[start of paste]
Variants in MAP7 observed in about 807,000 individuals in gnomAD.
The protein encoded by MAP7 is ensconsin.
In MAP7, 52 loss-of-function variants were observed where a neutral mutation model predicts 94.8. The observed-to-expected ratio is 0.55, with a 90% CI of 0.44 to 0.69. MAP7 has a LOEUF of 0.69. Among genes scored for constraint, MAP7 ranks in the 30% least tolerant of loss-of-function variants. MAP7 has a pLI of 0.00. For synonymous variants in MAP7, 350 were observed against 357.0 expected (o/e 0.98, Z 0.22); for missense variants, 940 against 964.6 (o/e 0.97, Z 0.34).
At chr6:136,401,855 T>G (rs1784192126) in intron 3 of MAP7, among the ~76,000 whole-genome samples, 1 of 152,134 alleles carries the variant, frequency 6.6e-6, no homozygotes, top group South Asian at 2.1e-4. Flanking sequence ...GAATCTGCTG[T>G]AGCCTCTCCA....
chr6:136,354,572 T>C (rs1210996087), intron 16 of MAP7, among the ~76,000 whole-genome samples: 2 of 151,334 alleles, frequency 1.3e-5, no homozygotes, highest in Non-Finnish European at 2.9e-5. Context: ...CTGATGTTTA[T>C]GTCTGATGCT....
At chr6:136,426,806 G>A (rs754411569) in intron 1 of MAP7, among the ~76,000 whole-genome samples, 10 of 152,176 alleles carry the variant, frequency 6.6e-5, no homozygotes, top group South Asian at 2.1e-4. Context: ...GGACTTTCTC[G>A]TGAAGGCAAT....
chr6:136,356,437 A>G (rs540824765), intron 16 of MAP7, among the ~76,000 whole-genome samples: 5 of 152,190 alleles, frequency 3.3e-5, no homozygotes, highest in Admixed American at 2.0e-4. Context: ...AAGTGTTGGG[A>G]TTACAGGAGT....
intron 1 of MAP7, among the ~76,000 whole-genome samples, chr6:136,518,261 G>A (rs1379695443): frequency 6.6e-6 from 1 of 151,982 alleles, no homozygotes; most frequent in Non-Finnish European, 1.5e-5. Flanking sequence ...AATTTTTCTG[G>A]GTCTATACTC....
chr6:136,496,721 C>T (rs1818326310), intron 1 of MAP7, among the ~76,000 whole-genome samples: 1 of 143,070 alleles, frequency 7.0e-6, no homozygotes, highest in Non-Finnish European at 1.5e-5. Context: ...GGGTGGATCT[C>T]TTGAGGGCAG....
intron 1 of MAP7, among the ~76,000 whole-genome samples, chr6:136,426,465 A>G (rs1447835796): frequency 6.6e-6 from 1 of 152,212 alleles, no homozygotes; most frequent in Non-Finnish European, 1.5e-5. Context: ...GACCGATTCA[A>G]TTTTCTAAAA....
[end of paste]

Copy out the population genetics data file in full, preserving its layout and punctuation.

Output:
Variants in MAP7 observed in about 807,000 individuals in gnomAD.
The protein encoded by MAP7 is ensconsin.
In MAP7, 52 loss-of-function variants were observed where a neutral mutation model predicts 94.8. The observed-to-expected ratio is 0.55, with a 90% CI of 0.44 to 0.69. MAP7 has a LOEUF of 0.69. Among genes scored for constraint, MAP7 ranks in the 30% least tolerant of loss-of-function variants. MAP7 has a pLI of 0.00. For synonymous variants in MAP7, 350 were observed against 357.0 expected (o/e 0.98, Z 0.22); for missense variants, 940 against 964.6 (o/e 0.97, Z 0.34).
At chr6:136,401,855 T>G (rs1784192126) in intron 3 of MAP7, among the ~76,000 whole-genome samples, 1 of 152,134 alleles carries the variant, frequency 6.6e-6, no homozygotes, top group South Asian at 2.1e-4. Flanking sequence ...GAATCTGCTG[T>G]AGCCTCTCCA....
chr6:136,354,572 T>C (rs1210996087), intron 16 of MAP7, among the ~76,000 whole-genome samples: 2 of 151,334 alleles, frequency 1.3e-5, no homozygotes, highest in Non-Finnish European at 2.9e-5. Context: ...CTGATGTTTA[T>C]GTCTGATGCT....
At chr6:136,426,806 G>A (rs754411569) in intron 1 of MAP7, among the ~76,000 whole-genome samples, 10 of 152,176 alleles carry the variant, frequency 6.6e-5, no homozygotes, top group South Asian at 2.1e-4. Context: ...GGACTTTCTC[G>A]TGAAGGCAAT....
chr6:136,356,437 A>G (rs540824765), intron 16 of MAP7, among the ~76,000 whole-genome samples: 5 of 152,190 alleles, frequency 3.3e-5, no homozygotes, highest in Admixed American at 2.0e-4. Context: ...AAGTGTTGGG[A>G]TTACAGGAGT....
intron 1 of MAP7, among the ~76,000 whole-genome samples, chr6:136,518,261 G>A (rs1379695443): frequency 6.6e-6 from 1 of 151,982 alleles, no homozygotes; most frequent in Non-Finnish European, 1.5e-5. Flanking sequence ...AATTTTTCTG[G>A]GTCTATACTC....
chr6:136,496,721 C>T (rs1818326310), intron 1 of MAP7, among the ~76,000 whole-genome samples: 1 of 143,070 alleles, frequency 7.0e-6, no homozygotes, highest in Non-Finnish European at 1.5e-5. Context: ...GGGTGGATCT[C>T]TTGAGGGCAG....
intron 1 of MAP7, among the ~76,000 whole-genome samples, chr6:136,426,465 A>G (rs1447835796): frequency 6.6e-6 from 1 of 152,212 alleles, no homozygotes; most frequent in Non-Finnish European, 1.5e-5. Context: ...GACCGATTCA[A>G]TTTTCTAAAA....